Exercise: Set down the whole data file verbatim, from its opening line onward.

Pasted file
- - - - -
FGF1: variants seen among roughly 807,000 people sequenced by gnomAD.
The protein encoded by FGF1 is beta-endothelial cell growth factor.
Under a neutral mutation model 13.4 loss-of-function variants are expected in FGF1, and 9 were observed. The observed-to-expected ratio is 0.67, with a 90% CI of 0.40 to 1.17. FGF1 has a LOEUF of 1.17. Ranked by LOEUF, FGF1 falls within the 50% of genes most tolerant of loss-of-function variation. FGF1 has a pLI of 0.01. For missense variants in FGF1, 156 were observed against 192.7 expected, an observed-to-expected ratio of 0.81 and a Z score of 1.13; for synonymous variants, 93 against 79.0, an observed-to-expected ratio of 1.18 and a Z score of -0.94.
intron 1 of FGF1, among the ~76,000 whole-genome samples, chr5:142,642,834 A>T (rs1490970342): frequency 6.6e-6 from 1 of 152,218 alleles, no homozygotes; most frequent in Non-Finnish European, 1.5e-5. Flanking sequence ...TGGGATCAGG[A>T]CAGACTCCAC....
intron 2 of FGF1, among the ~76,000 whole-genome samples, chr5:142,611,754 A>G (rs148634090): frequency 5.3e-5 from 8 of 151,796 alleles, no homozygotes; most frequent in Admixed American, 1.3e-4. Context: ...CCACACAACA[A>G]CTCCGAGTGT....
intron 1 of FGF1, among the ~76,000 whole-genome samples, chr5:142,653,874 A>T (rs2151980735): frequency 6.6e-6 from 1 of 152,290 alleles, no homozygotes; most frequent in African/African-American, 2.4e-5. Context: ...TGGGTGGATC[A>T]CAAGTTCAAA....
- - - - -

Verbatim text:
FGF1: variants seen among roughly 807,000 people sequenced by gnomAD.
The protein encoded by FGF1 is beta-endothelial cell growth factor.
Under a neutral mutation model 13.4 loss-of-function variants are expected in FGF1, and 9 were observed. The observed-to-expected ratio is 0.67, with a 90% CI of 0.40 to 1.17. FGF1 has a LOEUF of 1.17. Ranked by LOEUF, FGF1 falls within the 50% of genes most tolerant of loss-of-function variation. FGF1 has a pLI of 0.01. For missense variants in FGF1, 156 were observed against 192.7 expected, an observed-to-expected ratio of 0.81 and a Z score of 1.13; for synonymous variants, 93 against 79.0, an observed-to-expected ratio of 1.18 and a Z score of -0.94.
intron 1 of FGF1, among the ~76,000 whole-genome samples, chr5:142,642,834 A>T (rs1490970342): frequency 6.6e-6 from 1 of 152,218 alleles, no homozygotes; most frequent in Non-Finnish European, 1.5e-5. Flanking sequence ...TGGGATCAGG[A>T]CAGACTCCAC....
intron 2 of FGF1, among the ~76,000 whole-genome samples, chr5:142,611,754 A>G (rs148634090): frequency 5.3e-5 from 8 of 151,796 alleles, no homozygotes; most frequent in Admixed American, 1.3e-4. Context: ...CCACACAACA[A>G]CTCCGAGTGT....
intron 1 of FGF1, among the ~76,000 whole-genome samples, chr5:142,653,874 A>T (rs2151980735): frequency 6.6e-6 from 1 of 152,290 alleles, no homozygotes; most frequent in African/African-American, 2.4e-5. Context: ...TGGGTGGATC[A>T]CAAGTTCAAA....